All COCs available in Europeduring the conduct of the study ‡
HR: 0.9 (0.6-1.4)
FDA-funded study” (2011)
New users *
Other COCs available during the course of the study §
Levonorgestrel/0.03 mg EE
All users(i.e., initiation and continuing use of study combination hormonal contraception)
Other COCs available during the course of the study §
Levonorgestrel/0.03 mg EE
In addition to these “regulatory studies,” other studies of various designs have been conducted. Overall, there are two prospective cohort studies (see Table 1): the US post-approval safety study Ingenix [Seeger 2007], the European post-approval safety study EURAS (European Active Surveillance Study) [Dinger 2007]. An extension of the EURAS study, the Long-Term Active Surveillance Study (LASS), did not enroll additional subjects, but continued to assess VTE risk. There are three retrospective cohort studies: one study in the US funded by the FDA (see Table 1), and two from Denmark [Lidegaard 2009, Lidegaard 2011]. There are two case-control studies: the Dutch MEGA study analysis [van Hylckama Vlieg 2009] and the German case-control study [Dinger 2010]. There are two nested case-control studies that evaluated the risk of non-fatal idiopathic VTE: the PharMetrics study [Jick 2011] and the GPRD study [Parkin 2011]. The results of all of these studies are presented in Figure 1.
Figure 1: VTE Risk with Yasmin Relative to LNG-Containing COCs (adjusted risk#)
Risk ratios displayed on logarithmic scale; risk ratio < 1 indicates a lower risk of VTE for DRSP, > 1 indicates an increased risk of VTE for DRSP.
*Comparator “Other COCs”, including LNG- containing COCs
† LASS is an extension of the EURAS study
# Some adjustment factors are indicated by superscript letters: a) Current heavy smoking, b) hypertension, c) obesity, d) family history, e) age, f) BMI, g) duration of use, h) VTE history, i) period of inclusion, j) calendar year, k) education, l) length of use, m) parity, n) chronic disease, o) concomitant medication, p) smoking, q) duration of exposure, r) site
(References: Ingenix [Seeger 2007]2 , EURAS (European Active Surveillance Study) [Dinger 2007]3 , LASS (Long-Term Active Surveillance Study) [Dinger, unpublished document on file], FDA-funded study [Sidney 2011]4 , Danish [Lidegaard 2009]5 , Danish re-analysis [ Lidegaard 2011]6 , MEGA study [van Hylckama Vlieg 2009]7 , German Case-Control study [Dinger 2010]8 , PharMetrics [Jick 2011]9 , GPRD study [Parkin 2011]10)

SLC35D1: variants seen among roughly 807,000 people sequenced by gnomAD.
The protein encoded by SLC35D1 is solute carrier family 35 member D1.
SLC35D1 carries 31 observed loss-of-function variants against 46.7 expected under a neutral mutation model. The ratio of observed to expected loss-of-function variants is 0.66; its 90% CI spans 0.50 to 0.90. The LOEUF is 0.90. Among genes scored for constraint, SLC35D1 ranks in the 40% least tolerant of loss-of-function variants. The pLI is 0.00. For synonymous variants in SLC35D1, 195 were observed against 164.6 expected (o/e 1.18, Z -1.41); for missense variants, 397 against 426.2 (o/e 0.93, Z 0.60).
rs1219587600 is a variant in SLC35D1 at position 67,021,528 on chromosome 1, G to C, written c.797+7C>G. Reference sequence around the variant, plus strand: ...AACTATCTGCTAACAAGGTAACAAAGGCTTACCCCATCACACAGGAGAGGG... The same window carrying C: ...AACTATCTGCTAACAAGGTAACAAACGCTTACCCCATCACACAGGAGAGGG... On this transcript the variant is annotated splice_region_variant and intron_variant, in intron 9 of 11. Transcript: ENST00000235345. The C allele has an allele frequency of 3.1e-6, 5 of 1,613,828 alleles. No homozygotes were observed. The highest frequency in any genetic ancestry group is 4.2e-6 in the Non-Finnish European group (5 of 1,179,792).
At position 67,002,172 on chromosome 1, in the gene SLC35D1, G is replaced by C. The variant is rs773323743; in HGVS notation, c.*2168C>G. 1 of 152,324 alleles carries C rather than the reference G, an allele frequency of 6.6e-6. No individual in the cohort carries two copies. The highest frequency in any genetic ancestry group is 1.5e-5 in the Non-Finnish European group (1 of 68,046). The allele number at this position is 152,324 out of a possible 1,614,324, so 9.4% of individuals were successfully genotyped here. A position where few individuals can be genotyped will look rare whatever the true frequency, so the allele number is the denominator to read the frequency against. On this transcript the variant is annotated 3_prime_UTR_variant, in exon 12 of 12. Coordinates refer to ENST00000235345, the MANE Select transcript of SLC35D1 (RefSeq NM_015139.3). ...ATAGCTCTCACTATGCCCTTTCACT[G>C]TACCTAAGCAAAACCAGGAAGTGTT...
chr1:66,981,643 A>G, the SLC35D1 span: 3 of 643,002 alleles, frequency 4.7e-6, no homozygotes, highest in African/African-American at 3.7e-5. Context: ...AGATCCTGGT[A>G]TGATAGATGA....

Although the absolute VTE rates are increased for users of hormonal contraceptives compared to non-users, the rates during pregnancy are even greater, especially during the post-partum period (see Figure 2). The risk of VTE in women using COCs has been estimated to be 3 to 9 per 10,000 woman-years. The risk of VTE is highest during the first year of use. Data from a large, prospective cohort safety study of various COCs suggest that this increased risk, as compared to that in non-COC users, is greatest during the first 6 months of COC use. Data from this safety study indicate that the greatest risk of VTE is present after initially starting a COC or restarting (following a 4 week or greater pill-free interval) the same or a different COC.
The risk of thromboembolic disease due to oral contraceptives gradually disappears after COC use is discontinued.
Figure 2 shows the risk of developing a VTE for women who are not pregnant and do not use oral contraceptives, for women who use oral contraceptives, for pregnant women, and for women in the postpartum period. To put the risk of developing a VTE into perspective: If 10,000 women who are not pregnant and do not use oral contraceptives are followed for one year, between 1 and 5 of these women will develop a VTE.
Figure 2: Likelihood of Developing a VTE
If feasible, stop Safyral at least 4 weeks before and through 2 weeks after major surgery or other surgeries known to have an elevated risk of thromboembolism.
Start Safyral no earlier than 4 weeks after delivery, in women who are not breastfeeding. The risk of postpartum thromboembolism decreases after the third postpartum week, whereas the risk of ovulation increases after the third postpartum week.
Use of COCs also increases the risk of arterial thromboses such as strokes and myocardial infarctions, especially in women with other risk factors for these events.
COCs have been shown to increase both the relative and attributable risks of cerebrovascular events (thrombotic and hemorrhagic strokes), although, in general, the risk is greatest among older (>35 years of age), hypertensive women who also smoke. COCs also increase the risk for stroke in women with other underlying risk factors.
Oral contraceptives must be used with caution in women with cardiovascular disease risk factors.
Stop Safyral if there is unexplained loss of vision, proptosis, diplopia, papilledema, or retinal vascular lesions. Evaluate for retinal vein thrombosis immediately. [See Adverse Reactions (6).]
DrugInserts.com provides trustworthy package insert and label information about marketed drugs as submitted by manufacturers to the US Food and Drug Administration. Package information is not reviewed or updated separately by DrugInserts.com. Every individual package label entry contains a unique identifier which can be used to secure further details directly from the US National Institutes of Health and/or the FDA.